[preamble]Less sleep equals obesity and diabetes! Will the good mayor of New York now demand we all get our 8 hours of sleep each day so we can be healthier? This new study clearly shows we are incapable of controlling ourselves and are destined to be sick all our lives!
The extra hours I been putting in my business to pay the extra taxes, fees and increased gas and food prices are making me sick! My lord i will have to see a doctor – but if i see a doctor, my insurance rates will increase so i have to work more and if i work more, i will be sicker and have to see more doctors and pay more fees for the increased risk i have imposed on the world – lions and tigers and bears oh my!!!!!!!
What should we do – AHHHH yes i have the answer. Its been right there in front of us all the time, we, the outdated workers and businessman of society, the scourge of the new Obama order, the problem causers, the RICH, we have the answer. Our president has given it to us –
Don’t work! Close our businesses go on government welfare – free food, free medical care, free cable tv! EYES WIDE SHUT – we were blind now can see so lets all just quit and become the wanting like all others are forcing us to be.[backtopost]
Less sleep equals less self-control when it comes to eating, a new study finds.
by Nancy Shute
March 11, 2013 5:18 PM
People do eat more when they’re short of sleep. And that impulse to snarf when sleepy can cause quick weight gain, according to a new study.
Since Americans are chronically sleep deprived, it’s no wonder that our waistlines have been expanding. One-third of American workers say they’re sleeping six or fewer hours a night, compared with the seven to nine hours recommended.
In the experiment, people who were allowed to sleep just five hours a night ate more than when they got nine hours of shuteye. In five days of shortened sleep, they gained almost 2 pounds.
Any office worker standing morosely in front of the office vending machine can tell you that they eat more when tired. To find out why, the researchers at the University of Colorado measured people’s energy expenditure and food intake in a tightly controlled experiment.
They locked their 16 test subjects, one by one, in a calorimeter room, which measures every bit of energy that a person burns. When the subjects were allowed to sleep just five hours a night, they burned more energy than when they were allowed to sleep for nine hours a night.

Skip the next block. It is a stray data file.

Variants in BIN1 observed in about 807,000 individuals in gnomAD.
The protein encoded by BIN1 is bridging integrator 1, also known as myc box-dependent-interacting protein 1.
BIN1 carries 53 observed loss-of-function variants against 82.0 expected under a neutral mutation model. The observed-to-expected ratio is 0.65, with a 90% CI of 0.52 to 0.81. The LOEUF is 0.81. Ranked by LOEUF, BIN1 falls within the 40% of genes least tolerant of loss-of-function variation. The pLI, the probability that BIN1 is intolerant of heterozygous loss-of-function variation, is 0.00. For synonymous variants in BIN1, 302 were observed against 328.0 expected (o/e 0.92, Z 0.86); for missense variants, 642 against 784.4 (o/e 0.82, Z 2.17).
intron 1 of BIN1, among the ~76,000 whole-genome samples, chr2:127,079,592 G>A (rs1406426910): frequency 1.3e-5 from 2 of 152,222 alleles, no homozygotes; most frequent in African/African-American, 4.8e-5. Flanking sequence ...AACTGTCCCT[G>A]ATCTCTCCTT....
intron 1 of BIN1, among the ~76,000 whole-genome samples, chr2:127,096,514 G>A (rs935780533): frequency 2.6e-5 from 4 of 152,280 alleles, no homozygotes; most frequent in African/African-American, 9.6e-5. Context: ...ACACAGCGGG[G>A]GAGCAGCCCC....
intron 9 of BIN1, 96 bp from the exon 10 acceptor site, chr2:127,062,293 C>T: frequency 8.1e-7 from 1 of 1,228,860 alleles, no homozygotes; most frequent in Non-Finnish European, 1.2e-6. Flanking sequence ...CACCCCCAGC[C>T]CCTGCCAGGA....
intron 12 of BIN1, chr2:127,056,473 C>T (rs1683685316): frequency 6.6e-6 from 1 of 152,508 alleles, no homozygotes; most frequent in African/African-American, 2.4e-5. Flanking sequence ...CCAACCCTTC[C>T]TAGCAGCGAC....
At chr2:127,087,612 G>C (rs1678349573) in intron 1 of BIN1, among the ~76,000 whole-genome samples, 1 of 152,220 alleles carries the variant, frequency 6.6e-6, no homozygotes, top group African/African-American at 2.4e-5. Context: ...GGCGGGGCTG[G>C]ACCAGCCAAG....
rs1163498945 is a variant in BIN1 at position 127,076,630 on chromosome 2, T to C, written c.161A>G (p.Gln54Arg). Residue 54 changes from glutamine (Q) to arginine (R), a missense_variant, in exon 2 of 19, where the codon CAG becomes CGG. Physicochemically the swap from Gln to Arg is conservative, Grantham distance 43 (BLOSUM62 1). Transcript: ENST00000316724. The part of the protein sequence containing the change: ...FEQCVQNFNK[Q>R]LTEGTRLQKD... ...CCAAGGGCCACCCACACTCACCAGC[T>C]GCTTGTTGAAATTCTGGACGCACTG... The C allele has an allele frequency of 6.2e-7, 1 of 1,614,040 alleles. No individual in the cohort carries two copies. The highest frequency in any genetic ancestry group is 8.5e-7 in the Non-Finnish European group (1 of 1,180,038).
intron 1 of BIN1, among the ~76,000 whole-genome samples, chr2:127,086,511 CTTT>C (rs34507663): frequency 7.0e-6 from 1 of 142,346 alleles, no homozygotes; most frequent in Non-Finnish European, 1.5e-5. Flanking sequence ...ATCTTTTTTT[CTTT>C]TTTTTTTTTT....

“The amount of energy they burned was equivalent to doing water aerobics for 25 minutes,” says Kenneth Wright, a physiology researcher at the University of Colorado and a co-author of the study, which was published in the Proceedings of the National Academy of Sciences.
Burning more calories sure sounds like an upside to sleep deprivation. But here’s the downside: Those sleepy subjects also showed less self-control when presented with three abundant meals and snacks daily.
When well-rested, the women had “more food restraint,” Wright says. The men proved less strong-willed. They chowed down, gaining weight even when getting plenty of sleep.
When sleep deprived, the women lost that restraint. Both men and women ate more. They did that while ignoring signals from hormones that typically tell the brain that the stomach is full.
But wait, there’s more bad news! While in the tired phase, the participants skipped breakfast and ate a lot more at night, especially carbs and fats. Of late, more and more evidence has accumulated that eating late in the day makes weight gain more likely.
Other studies have found that lack of sleep affects the body’s response to insulin, increasing the risk of developing diabetes.
So the next time you feel drawn inexorably toward the vending machine, tell yourself: You’re not weak, just tired.
The best cure? “Sleep has to be a priority,” Wright told Shots.